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Hanging Prints at Eye Level

Hanging Prints at Eye Level

The idea of a standardized eye level may seem confusing. After all, what a 6’4” person considers eye level for them will be very different from what a 5’4” person considers to be eye level. To ensure that no one has to strain their neck to view artwork, experts have determined a standard eye level for hanging art and prints on the wall.

What is eye level?

Eye level is considered to be 60” to the center of the artwork. This means that when hanging artwork or prints on the wall, you’ll want the center of whatever you are hanging to be 60” from the floor.

Should you always hang at eye level?

Whether or not you hang your artwork or prints at eye level will depend on where you’re hanging them. If you are hanging the artwork in a hallway, or any area with nothing underneath it, you’ll want to hang it at eye level. This ensures that the artwork will be easily viewed by anyone looking at it from a regular distance. No one will have to strain their neck looking too high or too low.

If you are hanging something above a piece of furniture, eye level may not be the right height. For example, if you are hanging a print above a tall headboard, you’ll want to make sure that there is enough space between the print and the headboard. Eye-level may end up being too low, making the print and headboard look crowded being so close together. When hanging prints and artwork above furniture, ensuring there is enough breathing room between the furniture and the artwork is more important than simply hanging at eye level. 

If you're looking to hang artwork above your couch, and need help deciding how high above the couch you should be hanging, you can check out our guide that details this info and more: What Size Prints to Hang Above Your Couch.

How to Hang Prints at Eye Level

Hanging prints at eye level may seem difficult, as you need to base it on the center of your print, rather than the top of the frame. With a few careful measurements, it’s not as tricky as it seems! Get a tape measure and a pen and paper to write down a few measurements, and we’ll take you through the steps. If you haven't yet framed your print, and need help sifting through the options, check out our article about framing options

Measure Your Print/Frame 

You’ll want to take two measurements before making the wall or hammering in any nails. First, measure the full vertical height of your print/frame. Then, you’ll need to measure the distance between the hanging wire and the top of the frame. Pull the hanging wire up to remove any slack and measure how far that is from the top of the frame. Write down these measurements, you’ll need them to determine where to mark your wall for hanging hardware.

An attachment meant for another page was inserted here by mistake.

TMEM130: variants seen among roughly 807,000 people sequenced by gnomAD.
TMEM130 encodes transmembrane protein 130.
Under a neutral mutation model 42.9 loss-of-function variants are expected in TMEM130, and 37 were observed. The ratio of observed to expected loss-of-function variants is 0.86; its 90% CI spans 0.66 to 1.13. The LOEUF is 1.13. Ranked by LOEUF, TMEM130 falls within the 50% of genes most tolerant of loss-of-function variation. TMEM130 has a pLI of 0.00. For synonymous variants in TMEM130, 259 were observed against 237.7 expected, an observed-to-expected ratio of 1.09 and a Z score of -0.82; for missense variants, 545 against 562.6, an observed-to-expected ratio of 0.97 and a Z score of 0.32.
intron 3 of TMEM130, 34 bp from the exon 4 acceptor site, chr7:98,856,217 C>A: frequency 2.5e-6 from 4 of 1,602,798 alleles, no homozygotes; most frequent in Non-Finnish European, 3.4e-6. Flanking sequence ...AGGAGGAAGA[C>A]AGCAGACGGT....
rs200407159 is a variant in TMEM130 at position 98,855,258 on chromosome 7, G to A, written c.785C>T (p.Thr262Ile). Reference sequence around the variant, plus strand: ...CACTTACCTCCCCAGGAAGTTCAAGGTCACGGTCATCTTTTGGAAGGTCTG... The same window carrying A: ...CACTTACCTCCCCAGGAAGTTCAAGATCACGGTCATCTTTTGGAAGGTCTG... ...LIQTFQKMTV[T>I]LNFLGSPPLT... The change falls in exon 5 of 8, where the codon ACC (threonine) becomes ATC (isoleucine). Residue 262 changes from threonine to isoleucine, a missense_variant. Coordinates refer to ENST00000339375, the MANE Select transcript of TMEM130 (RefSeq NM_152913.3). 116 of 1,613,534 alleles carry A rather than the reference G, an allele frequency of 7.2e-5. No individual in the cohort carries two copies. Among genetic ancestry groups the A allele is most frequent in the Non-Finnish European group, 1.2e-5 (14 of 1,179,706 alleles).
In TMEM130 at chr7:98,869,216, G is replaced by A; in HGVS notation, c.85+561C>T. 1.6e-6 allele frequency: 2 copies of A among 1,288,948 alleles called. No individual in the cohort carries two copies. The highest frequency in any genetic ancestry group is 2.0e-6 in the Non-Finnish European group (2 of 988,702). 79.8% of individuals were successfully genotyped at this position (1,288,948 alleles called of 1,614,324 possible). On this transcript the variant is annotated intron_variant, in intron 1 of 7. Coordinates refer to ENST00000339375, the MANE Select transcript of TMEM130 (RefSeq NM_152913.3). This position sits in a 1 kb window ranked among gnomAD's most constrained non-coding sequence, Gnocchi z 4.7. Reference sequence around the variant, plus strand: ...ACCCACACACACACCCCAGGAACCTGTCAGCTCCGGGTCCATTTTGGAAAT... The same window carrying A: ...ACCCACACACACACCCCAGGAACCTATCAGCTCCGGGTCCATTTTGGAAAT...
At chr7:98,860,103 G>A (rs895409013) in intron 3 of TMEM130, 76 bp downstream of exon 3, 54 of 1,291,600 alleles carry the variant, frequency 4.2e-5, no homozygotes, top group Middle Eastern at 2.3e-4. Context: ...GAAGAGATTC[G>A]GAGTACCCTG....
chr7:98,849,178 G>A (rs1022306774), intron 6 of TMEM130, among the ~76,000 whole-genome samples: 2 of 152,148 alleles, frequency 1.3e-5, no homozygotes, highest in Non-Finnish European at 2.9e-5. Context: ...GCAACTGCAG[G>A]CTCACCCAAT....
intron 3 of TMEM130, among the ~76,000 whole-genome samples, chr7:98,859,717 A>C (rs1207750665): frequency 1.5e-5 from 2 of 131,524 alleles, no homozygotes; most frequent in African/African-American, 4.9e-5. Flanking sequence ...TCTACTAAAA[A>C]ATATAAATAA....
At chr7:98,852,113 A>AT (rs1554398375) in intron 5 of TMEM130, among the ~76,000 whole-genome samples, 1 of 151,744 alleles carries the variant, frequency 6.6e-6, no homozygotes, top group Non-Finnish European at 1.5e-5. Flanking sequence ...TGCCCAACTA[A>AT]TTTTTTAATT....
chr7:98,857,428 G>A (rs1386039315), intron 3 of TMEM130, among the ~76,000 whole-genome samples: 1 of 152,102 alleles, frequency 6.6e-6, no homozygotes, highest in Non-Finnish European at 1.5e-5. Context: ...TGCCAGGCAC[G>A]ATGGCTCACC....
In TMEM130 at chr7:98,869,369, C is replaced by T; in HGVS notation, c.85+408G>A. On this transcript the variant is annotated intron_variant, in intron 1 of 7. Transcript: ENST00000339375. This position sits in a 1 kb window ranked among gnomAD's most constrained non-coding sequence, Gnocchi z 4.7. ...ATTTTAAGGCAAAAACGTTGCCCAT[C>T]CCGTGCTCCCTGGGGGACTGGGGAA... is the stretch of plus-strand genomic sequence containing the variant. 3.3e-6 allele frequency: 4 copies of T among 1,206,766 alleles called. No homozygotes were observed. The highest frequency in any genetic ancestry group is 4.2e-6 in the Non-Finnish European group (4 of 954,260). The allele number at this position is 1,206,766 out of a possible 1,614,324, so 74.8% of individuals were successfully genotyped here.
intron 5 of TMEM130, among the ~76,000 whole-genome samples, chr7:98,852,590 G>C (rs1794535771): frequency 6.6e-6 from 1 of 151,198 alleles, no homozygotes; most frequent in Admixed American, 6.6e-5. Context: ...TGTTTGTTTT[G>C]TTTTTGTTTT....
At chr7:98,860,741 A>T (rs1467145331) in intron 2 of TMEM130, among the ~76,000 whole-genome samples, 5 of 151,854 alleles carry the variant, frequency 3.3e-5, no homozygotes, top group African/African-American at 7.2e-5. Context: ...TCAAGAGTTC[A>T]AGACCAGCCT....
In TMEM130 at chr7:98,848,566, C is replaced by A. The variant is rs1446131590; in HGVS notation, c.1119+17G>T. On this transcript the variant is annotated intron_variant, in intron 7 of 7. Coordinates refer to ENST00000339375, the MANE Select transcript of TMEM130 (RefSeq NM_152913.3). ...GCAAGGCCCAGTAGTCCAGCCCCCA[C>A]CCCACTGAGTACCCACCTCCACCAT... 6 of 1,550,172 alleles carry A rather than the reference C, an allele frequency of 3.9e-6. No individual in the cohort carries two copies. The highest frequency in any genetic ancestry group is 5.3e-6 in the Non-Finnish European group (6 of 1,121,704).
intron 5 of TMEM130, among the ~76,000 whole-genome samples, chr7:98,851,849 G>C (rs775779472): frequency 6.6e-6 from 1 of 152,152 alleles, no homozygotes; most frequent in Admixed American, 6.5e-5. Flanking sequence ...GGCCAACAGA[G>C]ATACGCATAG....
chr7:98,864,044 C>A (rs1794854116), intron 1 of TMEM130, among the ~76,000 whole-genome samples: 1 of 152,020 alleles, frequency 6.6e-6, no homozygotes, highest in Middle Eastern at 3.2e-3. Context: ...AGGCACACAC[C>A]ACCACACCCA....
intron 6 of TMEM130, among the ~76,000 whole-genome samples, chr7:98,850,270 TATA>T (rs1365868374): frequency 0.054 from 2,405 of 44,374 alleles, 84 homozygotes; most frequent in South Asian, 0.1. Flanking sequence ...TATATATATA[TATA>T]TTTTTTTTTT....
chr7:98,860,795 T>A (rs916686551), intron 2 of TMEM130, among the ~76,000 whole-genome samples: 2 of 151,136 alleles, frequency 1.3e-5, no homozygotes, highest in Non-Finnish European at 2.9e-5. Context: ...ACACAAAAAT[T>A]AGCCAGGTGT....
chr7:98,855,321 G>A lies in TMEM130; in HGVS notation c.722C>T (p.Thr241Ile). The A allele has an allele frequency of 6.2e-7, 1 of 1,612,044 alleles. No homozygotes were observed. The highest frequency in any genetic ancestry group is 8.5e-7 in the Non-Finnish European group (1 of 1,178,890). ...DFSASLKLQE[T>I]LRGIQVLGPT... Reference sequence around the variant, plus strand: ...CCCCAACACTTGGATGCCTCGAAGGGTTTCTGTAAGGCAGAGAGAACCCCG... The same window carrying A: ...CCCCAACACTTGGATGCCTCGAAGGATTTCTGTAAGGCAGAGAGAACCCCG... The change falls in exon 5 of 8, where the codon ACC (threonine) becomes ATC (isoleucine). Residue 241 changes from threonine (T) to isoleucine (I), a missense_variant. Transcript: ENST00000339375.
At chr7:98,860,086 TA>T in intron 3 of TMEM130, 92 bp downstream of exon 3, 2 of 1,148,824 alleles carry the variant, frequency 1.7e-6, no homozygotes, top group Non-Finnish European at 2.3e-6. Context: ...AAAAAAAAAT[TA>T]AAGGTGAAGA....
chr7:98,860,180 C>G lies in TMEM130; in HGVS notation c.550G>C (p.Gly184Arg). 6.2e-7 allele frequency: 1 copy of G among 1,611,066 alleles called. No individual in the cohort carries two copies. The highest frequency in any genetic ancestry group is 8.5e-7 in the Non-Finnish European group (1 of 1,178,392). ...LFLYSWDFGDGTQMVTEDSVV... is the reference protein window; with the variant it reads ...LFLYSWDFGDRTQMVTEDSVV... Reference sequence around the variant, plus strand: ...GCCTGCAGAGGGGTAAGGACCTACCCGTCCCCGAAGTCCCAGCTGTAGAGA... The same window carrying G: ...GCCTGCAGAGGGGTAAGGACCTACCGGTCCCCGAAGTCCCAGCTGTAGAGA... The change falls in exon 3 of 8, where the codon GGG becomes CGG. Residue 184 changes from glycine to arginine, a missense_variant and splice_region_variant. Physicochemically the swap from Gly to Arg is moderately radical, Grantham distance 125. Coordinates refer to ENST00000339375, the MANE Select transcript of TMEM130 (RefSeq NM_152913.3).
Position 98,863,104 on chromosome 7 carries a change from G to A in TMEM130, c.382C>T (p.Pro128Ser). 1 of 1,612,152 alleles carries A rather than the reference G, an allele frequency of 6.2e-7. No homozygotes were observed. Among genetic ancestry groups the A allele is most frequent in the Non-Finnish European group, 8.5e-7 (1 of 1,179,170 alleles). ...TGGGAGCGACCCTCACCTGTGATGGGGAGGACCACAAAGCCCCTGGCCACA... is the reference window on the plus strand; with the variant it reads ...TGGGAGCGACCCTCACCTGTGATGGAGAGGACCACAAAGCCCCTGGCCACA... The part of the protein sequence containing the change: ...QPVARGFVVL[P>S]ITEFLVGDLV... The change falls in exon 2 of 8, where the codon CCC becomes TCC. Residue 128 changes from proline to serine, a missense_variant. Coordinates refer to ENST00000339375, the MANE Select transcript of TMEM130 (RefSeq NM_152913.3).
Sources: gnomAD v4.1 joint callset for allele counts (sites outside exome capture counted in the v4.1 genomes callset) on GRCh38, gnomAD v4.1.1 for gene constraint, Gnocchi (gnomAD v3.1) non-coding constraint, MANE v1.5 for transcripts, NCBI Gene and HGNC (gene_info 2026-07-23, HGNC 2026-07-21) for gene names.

Measuring Full Print
Measure the full height of your canvas print.
Shop this image.

 

Measuring From Hanging Wire
Measure the distance between the top of the canvas and the wire, pulling the hanging wire upwards.

Mark the Wall

To find the right spot to mark your wall, you’ll need to do a little bit of math, but nothing too complicated! We’ll break it down step by step. 

First, divide the height of your frame by 2. 

Next, add 60” to this number. That will determine where the top of your frame will end up on the wall. 

Finally, subtract the distance between the hanging wire and the top of the frame. Now you’ve got the final number you need, this is where your hanging hardware will need to be on the wall. 

Measure from the floor to the number you calculated, and draw a small “x” or dot on the wall to mark where you need to place the hardware.  

For example, with the images above, the canvas height is 12", and the distance from the top of the canvas to the hanging wire is 3.5". 
Divide the height by 2: 6"
Add 60: 66"
Subject hanging wire distance: 62.5"

Choosing Hanging Hardware

Hanging hardware has weight ratings, and you’ll want to make sure you get the right hardware for your print/frame. If you use hardware rated for five pounds to hang a 10-pound frame, you’re likely to end up with your print falling from the wall, ripping a bigger hole in the wall. We would recommend weighing your print if possible. Whether you get an exact weight or are using an estimate, we always recommend erring on the safe side when choosing hardware. If your print weighs five pounds, there’s no harm in using hardware rated for ten pounds. This will ensure your print is safe on the wall, and won’t fall. 

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